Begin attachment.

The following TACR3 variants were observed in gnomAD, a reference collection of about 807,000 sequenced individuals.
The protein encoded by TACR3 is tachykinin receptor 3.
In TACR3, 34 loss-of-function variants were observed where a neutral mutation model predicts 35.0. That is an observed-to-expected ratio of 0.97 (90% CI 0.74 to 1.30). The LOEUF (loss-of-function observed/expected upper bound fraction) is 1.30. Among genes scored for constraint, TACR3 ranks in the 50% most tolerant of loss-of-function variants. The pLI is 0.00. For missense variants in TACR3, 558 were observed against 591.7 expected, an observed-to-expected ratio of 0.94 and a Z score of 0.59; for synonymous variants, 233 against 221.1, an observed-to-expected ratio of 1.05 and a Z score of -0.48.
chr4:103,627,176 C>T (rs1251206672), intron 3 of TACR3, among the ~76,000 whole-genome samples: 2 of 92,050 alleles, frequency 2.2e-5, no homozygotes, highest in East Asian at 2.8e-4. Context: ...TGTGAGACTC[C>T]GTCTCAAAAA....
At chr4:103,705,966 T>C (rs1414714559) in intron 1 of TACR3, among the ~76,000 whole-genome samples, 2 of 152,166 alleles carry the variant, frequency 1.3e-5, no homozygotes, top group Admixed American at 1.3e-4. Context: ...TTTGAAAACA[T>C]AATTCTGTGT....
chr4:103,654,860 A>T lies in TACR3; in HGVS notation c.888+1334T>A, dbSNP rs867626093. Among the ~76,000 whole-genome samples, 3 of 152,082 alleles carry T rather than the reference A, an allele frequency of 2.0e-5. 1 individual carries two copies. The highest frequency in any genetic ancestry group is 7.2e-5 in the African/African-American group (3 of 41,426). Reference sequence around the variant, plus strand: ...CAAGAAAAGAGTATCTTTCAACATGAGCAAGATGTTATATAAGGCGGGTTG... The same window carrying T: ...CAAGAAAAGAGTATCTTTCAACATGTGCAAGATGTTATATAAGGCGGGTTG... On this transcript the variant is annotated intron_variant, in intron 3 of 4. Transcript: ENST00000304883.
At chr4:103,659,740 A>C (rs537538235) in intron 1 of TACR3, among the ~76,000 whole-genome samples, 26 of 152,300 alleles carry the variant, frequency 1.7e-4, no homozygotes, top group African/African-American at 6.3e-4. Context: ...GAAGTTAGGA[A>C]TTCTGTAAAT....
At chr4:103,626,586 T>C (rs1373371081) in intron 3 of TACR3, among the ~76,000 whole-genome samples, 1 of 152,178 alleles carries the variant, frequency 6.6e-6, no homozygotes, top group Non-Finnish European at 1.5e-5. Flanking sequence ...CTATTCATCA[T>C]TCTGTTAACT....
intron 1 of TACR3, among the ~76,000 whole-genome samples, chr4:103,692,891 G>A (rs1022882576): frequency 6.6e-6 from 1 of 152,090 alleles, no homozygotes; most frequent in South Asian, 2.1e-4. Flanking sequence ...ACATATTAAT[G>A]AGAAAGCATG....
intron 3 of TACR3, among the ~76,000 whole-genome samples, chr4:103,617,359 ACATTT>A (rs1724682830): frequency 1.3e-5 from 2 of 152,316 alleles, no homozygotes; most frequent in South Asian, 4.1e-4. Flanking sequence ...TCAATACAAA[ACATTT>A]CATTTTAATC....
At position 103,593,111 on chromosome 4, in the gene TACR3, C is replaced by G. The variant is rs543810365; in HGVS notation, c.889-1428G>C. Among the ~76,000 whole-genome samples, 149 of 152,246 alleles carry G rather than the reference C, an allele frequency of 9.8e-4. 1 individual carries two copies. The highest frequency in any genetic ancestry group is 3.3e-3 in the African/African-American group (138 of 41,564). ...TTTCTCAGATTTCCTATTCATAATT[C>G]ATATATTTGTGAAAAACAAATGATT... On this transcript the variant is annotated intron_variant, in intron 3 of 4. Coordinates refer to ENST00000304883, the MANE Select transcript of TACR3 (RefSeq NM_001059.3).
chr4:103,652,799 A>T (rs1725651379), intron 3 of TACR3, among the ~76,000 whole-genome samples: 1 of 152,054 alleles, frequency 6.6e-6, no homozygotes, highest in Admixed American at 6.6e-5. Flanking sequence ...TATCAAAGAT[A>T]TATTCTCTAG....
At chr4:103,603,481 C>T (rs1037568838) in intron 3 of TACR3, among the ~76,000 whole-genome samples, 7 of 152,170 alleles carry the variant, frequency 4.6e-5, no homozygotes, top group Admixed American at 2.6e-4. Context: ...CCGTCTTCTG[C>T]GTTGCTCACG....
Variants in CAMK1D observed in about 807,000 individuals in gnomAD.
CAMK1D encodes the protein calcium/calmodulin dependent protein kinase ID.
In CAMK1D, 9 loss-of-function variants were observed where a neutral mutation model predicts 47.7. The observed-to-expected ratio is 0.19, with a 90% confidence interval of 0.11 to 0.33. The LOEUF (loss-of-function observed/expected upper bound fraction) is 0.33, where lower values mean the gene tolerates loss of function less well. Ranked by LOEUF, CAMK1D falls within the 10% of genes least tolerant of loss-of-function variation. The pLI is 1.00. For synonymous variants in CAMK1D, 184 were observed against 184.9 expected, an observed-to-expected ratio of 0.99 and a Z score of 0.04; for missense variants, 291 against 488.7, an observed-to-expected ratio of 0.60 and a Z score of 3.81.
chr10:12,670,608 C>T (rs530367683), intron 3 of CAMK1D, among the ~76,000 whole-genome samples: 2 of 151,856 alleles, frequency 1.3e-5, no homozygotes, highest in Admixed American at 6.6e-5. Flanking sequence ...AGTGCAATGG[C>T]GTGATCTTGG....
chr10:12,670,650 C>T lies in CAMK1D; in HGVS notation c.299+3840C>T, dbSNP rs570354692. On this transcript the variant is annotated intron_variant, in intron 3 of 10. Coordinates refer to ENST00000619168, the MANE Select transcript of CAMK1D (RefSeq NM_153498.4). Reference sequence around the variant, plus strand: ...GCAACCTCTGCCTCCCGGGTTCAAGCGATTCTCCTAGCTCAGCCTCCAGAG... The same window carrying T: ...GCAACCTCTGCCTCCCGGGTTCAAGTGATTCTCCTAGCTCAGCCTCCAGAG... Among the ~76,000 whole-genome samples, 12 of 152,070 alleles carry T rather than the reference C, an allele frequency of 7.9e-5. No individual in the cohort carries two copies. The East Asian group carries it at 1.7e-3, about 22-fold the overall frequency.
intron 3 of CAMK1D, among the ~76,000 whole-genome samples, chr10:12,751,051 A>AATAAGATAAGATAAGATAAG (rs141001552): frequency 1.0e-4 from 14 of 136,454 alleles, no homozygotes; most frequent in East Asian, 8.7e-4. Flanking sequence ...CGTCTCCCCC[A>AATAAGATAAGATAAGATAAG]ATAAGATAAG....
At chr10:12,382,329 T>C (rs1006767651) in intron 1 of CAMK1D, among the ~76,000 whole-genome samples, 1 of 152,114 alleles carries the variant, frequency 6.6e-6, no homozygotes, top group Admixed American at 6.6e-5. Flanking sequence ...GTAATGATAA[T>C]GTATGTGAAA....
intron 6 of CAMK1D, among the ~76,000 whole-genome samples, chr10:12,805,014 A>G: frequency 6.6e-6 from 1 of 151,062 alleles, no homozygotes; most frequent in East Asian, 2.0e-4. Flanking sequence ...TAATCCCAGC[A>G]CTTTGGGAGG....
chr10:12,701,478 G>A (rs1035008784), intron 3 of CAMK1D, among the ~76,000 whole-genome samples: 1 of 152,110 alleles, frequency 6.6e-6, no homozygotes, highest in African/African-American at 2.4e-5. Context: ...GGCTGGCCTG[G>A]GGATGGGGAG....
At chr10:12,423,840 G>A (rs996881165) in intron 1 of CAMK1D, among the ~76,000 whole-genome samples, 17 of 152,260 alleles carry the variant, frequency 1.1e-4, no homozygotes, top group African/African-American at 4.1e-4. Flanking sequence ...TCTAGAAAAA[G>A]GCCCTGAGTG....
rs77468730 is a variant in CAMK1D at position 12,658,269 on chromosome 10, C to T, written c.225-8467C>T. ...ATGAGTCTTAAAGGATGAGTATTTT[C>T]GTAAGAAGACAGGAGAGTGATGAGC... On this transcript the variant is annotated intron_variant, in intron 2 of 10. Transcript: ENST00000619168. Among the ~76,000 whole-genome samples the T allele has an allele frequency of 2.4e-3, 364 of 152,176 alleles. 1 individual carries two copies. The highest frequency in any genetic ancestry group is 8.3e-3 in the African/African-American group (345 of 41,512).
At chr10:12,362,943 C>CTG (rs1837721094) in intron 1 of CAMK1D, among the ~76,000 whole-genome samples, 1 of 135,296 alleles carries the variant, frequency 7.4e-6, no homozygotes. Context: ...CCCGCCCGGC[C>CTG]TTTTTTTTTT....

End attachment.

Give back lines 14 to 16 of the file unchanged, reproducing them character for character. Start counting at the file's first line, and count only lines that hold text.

Variants in CAMK1D observed in about 807,000 individuals in gnomAD.
CAMK1D encodes the protein calcium/calmodulin dependent protein kinase ID.
In CAMK1D, 9 loss-of-function variants were observed where a neutral mutation model predicts 47.7. The observed-to-expected ratio is 0.19, with a 90% confidence interval of 0.11 to 0.33. The LOEUF (loss-of-function observed/expected upper bound fraction) is 0.33, where lower values mean the gene tolerates loss of function less well. Ranked by LOEUF, CAMK1D falls within the 10% of genes least tolerant of loss-of-function variation. The pLI is 1.00. For synonymous variants in CAMK1D, 184 were observed against 184.9 expected, an observed-to-expected ratio of 0.99 and a Z score of 0.04; for missense variants, 291 against 488.7, an observed-to-expected ratio of 0.60 and a Z score of 3.81.